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Shakespeare part 1

Shakespeare

Relieved a class of year 10s today that hate the fact they are learning Romeo and Juliet.

One of the most common reasons why kids don't like Shakespeare is that they simply don't understand it, yet they love watching love stories on Netflix and whatnot.

Well, after lots of conversations about the plot, characters and connecting it to their own life - suddenly they have an interest in it!

Shakespeare's plays have been around and loved for many, many years... and yet again his words fall in the hearts of a bunch of year 10s.

Discussions are so important when teaching. They are what keeps students interested, openminded and confident in their learning. Without them, they feel lost, uncertain and dead set in their beliefs.


Additional thoughts on the 31st of August:


This is why I reckon I enjoyed it so much at school - because I was one of these kinds of women - the underdog, so to speak. I went from shy and unable to voice my opinions to learning how to do it respectfully. It was something I longed for myself

Shakespeare is such a great theatre form to study. The historical contexts, audience interaction, innuendoes, Elizabethan influences (powerhouse women), over exaggeration and typical status components are such great features to discuss and perform. I've always been a fan of audience interaction and using energy well on stage. There's just something magical about making an audience feel involved, while also surprising them or shocking them. Shakespeare was a man that loved magic and mystery too. So not only were there components of magic in the themes, characters and plot lines - there was also magic in the performance features.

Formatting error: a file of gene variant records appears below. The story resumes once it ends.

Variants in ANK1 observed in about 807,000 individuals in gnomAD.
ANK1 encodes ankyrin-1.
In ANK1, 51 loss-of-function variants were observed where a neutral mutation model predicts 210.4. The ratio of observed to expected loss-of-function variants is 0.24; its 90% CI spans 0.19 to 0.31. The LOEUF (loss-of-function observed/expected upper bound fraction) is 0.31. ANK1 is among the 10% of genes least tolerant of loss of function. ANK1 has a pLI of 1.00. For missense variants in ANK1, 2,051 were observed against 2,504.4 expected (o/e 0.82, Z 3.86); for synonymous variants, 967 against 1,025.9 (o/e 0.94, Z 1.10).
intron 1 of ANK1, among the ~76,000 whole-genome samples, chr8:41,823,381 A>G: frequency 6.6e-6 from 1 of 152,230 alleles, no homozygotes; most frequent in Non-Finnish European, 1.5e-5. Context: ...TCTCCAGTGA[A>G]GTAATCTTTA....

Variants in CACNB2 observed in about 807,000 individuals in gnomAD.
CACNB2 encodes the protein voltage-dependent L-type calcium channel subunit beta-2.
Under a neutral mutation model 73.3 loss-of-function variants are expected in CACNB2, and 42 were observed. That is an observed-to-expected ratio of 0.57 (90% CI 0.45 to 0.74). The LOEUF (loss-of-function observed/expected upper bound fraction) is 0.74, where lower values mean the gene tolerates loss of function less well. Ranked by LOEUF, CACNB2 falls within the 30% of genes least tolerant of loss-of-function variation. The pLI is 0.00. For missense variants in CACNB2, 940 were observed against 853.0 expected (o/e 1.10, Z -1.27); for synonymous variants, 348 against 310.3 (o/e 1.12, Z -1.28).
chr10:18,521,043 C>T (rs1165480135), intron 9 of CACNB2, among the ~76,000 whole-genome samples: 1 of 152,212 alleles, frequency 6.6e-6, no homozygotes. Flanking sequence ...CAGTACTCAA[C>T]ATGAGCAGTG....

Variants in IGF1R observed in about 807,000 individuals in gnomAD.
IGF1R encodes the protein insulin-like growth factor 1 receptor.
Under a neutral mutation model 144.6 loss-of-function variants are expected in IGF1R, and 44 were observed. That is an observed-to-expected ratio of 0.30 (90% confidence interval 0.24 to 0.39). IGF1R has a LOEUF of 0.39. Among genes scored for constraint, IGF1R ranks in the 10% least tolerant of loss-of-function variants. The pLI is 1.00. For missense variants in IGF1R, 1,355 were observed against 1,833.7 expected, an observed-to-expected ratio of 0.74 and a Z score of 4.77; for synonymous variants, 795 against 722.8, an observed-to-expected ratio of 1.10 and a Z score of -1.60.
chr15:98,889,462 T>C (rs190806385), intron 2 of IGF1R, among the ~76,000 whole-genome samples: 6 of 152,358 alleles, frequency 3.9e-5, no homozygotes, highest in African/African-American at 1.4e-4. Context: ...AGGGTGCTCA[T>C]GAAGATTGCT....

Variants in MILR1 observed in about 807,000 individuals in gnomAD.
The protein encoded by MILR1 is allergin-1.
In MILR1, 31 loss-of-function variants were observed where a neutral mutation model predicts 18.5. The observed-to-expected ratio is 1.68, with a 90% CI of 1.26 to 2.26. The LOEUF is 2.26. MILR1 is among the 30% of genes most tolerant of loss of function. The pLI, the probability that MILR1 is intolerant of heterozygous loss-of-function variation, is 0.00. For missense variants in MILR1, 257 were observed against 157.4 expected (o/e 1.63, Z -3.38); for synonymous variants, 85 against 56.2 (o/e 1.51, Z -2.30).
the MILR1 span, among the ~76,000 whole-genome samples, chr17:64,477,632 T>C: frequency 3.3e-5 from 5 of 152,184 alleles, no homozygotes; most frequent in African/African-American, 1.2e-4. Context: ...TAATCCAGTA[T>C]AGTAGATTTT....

Shakespeare a view from a former NCEA student


When I was at high school we looked at Romeo and Juliet in year 9 and then by senior level I chose a Much Ado scene to perform. I still to this day remember the death scene "what's here, a cup closed in my true love's hand" and the "Romeo, Romeo" monologue (considered a monologue without Romeo's inserts). I tend to re-perform my rendition of "Romeo, Romeo" for students. I think it is valuable to show them the level of expectations for Shakespearean performance and also show them a version they can understand and relate to.


In high school, I loved the idea of how "fire breathing" and feisty the females were in his plays. They were either breaking societal expectations or having a rather large opinion about their situations. It was heavily influenced by the way Queen Elizabeth was. Who ever thought a woman could have an opinion and a good one at that too back then? Shakespeare certainly did and promoted it! And Queen Elizabeth was a royal leader as well! She was incredibly courageous in that sense as you must know what happened to royal women. More so, imagine being of the opinion that women should be silenced or perhaps being a women at that time, wishing for a voice and the freedom to do more than just bear children, to suddenly be in the audience of a play and you see all your dreams unravel on the stage. How naughty and exciting! Wouldn't you want to see as many plays as possible? I know I would have. This is why I reckon I enjoyed it so much at school - because I was one of these kinds of women - the underdog, so to speak. I went from shy and unable to voice my opinions to learning how to do it respectfully. It was something I longed for myself and yet it was quite easy to fall into roles such as Olivia from Twelfth Night and Beatrice from Much Ado About Nothing, so maybe I had it in me all along... and they were so much fun to play too!






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